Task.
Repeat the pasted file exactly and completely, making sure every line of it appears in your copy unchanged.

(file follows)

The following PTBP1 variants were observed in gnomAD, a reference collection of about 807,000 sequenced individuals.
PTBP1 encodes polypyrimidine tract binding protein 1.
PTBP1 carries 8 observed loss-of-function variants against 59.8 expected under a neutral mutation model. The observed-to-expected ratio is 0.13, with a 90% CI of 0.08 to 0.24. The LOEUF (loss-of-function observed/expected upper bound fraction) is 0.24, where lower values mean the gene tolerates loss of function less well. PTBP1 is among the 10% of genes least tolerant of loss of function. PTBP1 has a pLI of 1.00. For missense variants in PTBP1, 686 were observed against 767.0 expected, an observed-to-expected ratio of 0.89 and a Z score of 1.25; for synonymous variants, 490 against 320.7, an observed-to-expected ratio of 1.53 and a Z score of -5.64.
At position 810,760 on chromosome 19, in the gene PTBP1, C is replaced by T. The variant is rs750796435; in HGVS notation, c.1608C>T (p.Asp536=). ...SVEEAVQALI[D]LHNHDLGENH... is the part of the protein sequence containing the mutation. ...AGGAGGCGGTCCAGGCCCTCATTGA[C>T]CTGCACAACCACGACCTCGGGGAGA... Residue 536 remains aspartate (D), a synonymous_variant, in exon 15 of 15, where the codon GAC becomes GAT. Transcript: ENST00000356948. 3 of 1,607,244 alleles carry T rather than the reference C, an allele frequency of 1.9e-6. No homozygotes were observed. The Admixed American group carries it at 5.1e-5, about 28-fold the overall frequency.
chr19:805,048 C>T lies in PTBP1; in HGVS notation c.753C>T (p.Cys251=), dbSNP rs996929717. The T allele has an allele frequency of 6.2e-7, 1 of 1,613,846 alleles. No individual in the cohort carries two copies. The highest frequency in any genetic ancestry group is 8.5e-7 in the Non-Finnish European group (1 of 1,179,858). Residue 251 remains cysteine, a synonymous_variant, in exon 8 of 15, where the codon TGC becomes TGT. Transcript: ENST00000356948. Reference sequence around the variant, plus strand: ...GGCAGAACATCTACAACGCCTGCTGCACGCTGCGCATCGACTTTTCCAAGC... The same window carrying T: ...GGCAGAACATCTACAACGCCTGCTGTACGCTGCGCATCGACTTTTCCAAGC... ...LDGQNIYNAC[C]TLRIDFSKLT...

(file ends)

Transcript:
The following PTBP1 variants were observed in gnomAD, a reference collection of about 807,000 sequenced individuals.
PTBP1 encodes polypyrimidine tract binding protein 1.
PTBP1 carries 8 observed loss-of-function variants against 59.8 expected under a neutral mutation model. The observed-to-expected ratio is 0.13, with a 90% CI of 0.08 to 0.24. The LOEUF (loss-of-function observed/expected upper bound fraction) is 0.24, where lower values mean the gene tolerates loss of function less well. PTBP1 is among the 10% of genes least tolerant of loss of function. PTBP1 has a pLI of 1.00. For missense variants in PTBP1, 686 were observed against 767.0 expected, an observed-to-expected ratio of 0.89 and a Z score of 1.25; for synonymous variants, 490 against 320.7, an observed-to-expected ratio of 1.53 and a Z score of -5.64.
At position 810,760 on chromosome 19, in the gene PTBP1, C is replaced by T. The variant is rs750796435; in HGVS notation, c.1608C>T (p.Asp536=). ...SVEEAVQALI[D]LHNHDLGENH... is the part of the protein sequence containing the mutation. ...AGGAGGCGGTCCAGGCCCTCATTGA[C>T]CTGCACAACCACGACCTCGGGGAGA... Residue 536 remains aspartate (D), a synonymous_variant, in exon 15 of 15, where the codon GAC becomes GAT. Transcript: ENST00000356948. 3 of 1,607,244 alleles carry T rather than the reference C, an allele frequency of 1.9e-6. No homozygotes were observed. The Admixed American group carries it at 5.1e-5, about 28-fold the overall frequency.
chr19:805,048 C>T lies in PTBP1; in HGVS notation c.753C>T (p.Cys251=), dbSNP rs996929717. The T allele has an allele frequency of 6.2e-7, 1 of 1,613,846 alleles. No individual in the cohort carries two copies. The highest frequency in any genetic ancestry group is 8.5e-7 in the Non-Finnish European group (1 of 1,179,858). Residue 251 remains cysteine, a synonymous_variant, in exon 8 of 15, where the codon TGC becomes TGT. Transcript: ENST00000356948. Reference sequence around the variant, plus strand: ...GGCAGAACATCTACAACGCCTGCTGCACGCTGCGCATCGACTTTTCCAAGC... The same window carrying T: ...GGCAGAACATCTACAACGCCTGCTGTACGCTGCGCATCGACTTTTCCAAGC... ...LDGQNIYNAC[C]TLRIDFSKLT...